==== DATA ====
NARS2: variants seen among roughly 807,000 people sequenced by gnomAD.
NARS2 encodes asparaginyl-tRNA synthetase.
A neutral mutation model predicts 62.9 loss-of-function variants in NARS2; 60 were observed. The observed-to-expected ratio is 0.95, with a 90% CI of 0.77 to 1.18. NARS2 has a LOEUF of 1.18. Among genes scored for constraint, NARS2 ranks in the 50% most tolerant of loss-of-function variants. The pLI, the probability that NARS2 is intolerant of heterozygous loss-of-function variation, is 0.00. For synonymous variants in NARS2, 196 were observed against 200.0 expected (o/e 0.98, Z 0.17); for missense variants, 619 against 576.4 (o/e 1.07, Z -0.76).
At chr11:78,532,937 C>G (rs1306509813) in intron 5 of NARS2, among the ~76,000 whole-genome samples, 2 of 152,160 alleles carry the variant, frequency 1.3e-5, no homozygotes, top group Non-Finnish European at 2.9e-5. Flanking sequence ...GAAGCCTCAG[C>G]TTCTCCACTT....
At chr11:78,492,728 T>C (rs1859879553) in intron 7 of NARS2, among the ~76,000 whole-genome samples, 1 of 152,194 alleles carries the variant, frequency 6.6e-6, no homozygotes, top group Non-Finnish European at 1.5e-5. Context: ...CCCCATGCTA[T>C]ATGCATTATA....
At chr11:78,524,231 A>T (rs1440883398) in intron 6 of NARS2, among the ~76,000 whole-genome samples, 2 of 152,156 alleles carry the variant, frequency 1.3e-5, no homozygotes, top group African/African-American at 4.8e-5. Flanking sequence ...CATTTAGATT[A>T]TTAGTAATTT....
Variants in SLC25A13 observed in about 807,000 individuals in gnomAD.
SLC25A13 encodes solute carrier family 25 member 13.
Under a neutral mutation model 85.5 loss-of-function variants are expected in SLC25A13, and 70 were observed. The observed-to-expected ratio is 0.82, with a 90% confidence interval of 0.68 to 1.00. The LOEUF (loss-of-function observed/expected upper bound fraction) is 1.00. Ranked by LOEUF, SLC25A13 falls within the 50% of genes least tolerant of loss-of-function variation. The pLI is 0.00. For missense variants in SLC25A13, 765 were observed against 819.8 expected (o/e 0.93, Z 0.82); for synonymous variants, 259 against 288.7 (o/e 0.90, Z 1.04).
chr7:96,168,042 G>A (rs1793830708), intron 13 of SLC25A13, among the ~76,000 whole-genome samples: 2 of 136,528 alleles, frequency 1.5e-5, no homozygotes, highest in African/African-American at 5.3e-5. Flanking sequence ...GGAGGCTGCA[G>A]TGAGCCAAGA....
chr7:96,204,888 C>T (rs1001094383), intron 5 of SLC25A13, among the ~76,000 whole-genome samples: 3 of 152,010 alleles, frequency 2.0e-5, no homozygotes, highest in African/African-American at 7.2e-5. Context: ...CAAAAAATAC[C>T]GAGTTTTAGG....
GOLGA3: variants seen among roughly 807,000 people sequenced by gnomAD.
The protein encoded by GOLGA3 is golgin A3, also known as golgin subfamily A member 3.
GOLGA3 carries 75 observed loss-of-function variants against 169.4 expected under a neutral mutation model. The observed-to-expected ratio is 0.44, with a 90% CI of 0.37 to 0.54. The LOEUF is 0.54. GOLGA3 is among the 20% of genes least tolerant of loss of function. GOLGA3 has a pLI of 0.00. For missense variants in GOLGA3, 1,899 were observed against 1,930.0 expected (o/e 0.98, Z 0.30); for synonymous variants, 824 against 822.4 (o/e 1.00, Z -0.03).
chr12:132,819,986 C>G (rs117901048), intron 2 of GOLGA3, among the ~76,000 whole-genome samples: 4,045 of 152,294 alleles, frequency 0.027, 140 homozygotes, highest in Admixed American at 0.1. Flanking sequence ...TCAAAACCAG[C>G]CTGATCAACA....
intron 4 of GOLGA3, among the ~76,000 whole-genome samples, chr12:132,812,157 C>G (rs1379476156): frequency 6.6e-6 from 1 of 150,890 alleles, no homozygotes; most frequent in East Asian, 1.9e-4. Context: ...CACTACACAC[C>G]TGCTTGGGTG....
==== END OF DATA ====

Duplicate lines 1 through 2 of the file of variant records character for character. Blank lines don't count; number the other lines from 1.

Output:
NARS2: variants seen among roughly 807,000 people sequenced by gnomAD.
NARS2 encodes asparaginyl-tRNA synthetase.